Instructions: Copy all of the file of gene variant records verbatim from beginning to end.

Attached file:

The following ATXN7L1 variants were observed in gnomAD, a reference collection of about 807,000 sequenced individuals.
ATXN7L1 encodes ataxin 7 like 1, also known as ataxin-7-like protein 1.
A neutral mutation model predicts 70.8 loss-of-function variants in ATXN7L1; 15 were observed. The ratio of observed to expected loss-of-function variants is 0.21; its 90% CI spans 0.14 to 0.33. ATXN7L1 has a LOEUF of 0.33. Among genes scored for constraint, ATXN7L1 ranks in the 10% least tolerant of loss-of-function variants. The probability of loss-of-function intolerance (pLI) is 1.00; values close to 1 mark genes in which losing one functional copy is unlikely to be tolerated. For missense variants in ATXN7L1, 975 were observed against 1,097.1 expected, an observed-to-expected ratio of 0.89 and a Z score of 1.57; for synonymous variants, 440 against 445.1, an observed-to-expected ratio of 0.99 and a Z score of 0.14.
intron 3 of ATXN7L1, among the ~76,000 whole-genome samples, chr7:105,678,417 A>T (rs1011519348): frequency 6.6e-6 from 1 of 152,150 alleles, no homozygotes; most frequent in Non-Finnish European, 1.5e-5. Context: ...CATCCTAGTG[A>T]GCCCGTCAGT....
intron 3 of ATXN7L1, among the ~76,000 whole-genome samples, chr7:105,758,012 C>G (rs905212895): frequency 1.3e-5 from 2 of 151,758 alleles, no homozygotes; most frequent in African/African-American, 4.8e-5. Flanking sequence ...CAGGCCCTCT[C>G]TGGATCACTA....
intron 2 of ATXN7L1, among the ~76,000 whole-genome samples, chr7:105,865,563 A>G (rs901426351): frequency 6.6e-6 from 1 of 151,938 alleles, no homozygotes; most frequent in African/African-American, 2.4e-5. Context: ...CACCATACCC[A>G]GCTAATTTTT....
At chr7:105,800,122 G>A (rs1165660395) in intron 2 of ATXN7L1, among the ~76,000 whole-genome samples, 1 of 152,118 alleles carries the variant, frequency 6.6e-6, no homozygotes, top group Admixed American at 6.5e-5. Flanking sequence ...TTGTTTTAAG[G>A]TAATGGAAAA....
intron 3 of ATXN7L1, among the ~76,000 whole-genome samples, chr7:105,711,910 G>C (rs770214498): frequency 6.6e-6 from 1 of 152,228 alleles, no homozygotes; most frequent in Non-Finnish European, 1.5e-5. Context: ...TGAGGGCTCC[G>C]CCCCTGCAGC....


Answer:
The following ATXN7L1 variants were observed in gnomAD, a reference collection of about 807,000 sequenced individuals.
ATXN7L1 encodes ataxin 7 like 1, also known as ataxin-7-like protein 1.
A neutral mutation model predicts 70.8 loss-of-function variants in ATXN7L1; 15 were observed. The ratio of observed to expected loss-of-function variants is 0.21; its 90% CI spans 0.14 to 0.33. ATXN7L1 has a LOEUF of 0.33. Among genes scored for constraint, ATXN7L1 ranks in the 10% least tolerant of loss-of-function variants. The probability of loss-of-function intolerance (pLI) is 1.00; values close to 1 mark genes in which losing one functional copy is unlikely to be tolerated. For missense variants in ATXN7L1, 975 were observed against 1,097.1 expected, an observed-to-expected ratio of 0.89 and a Z score of 1.57; for synonymous variants, 440 against 445.1, an observed-to-expected ratio of 0.99 and a Z score of 0.14.
intron 3 of ATXN7L1, among the ~76,000 whole-genome samples, chr7:105,678,417 A>T (rs1011519348): frequency 6.6e-6 from 1 of 152,150 alleles, no homozygotes; most frequent in Non-Finnish European, 1.5e-5. Context: ...CATCCTAGTG[A>T]GCCCGTCAGT....
intron 3 of ATXN7L1, among the ~76,000 whole-genome samples, chr7:105,758,012 C>G (rs905212895): frequency 1.3e-5 from 2 of 151,758 alleles, no homozygotes; most frequent in African/African-American, 4.8e-5. Flanking sequence ...CAGGCCCTCT[C>G]TGGATCACTA....
intron 2 of ATXN7L1, among the ~76,000 whole-genome samples, chr7:105,865,563 A>G (rs901426351): frequency 6.6e-6 from 1 of 151,938 alleles, no homozygotes; most frequent in African/African-American, 2.4e-5. Context: ...CACCATACCC[A>G]GCTAATTTTT....
At chr7:105,800,122 G>A (rs1165660395) in intron 2 of ATXN7L1, among the ~76,000 whole-genome samples, 1 of 152,118 alleles carries the variant, frequency 6.6e-6, no homozygotes, top group Admixed American at 6.5e-5. Flanking sequence ...TTGTTTTAAG[G>A]TAATGGAAAA....
intron 3 of ATXN7L1, among the ~76,000 whole-genome samples, chr7:105,711,910 G>C (rs770214498): frequency 6.6e-6 from 1 of 152,228 alleles, no homozygotes; most frequent in Non-Finnish European, 1.5e-5. Context: ...TGAGGGCTCC[G>C]CCCCTGCAGC....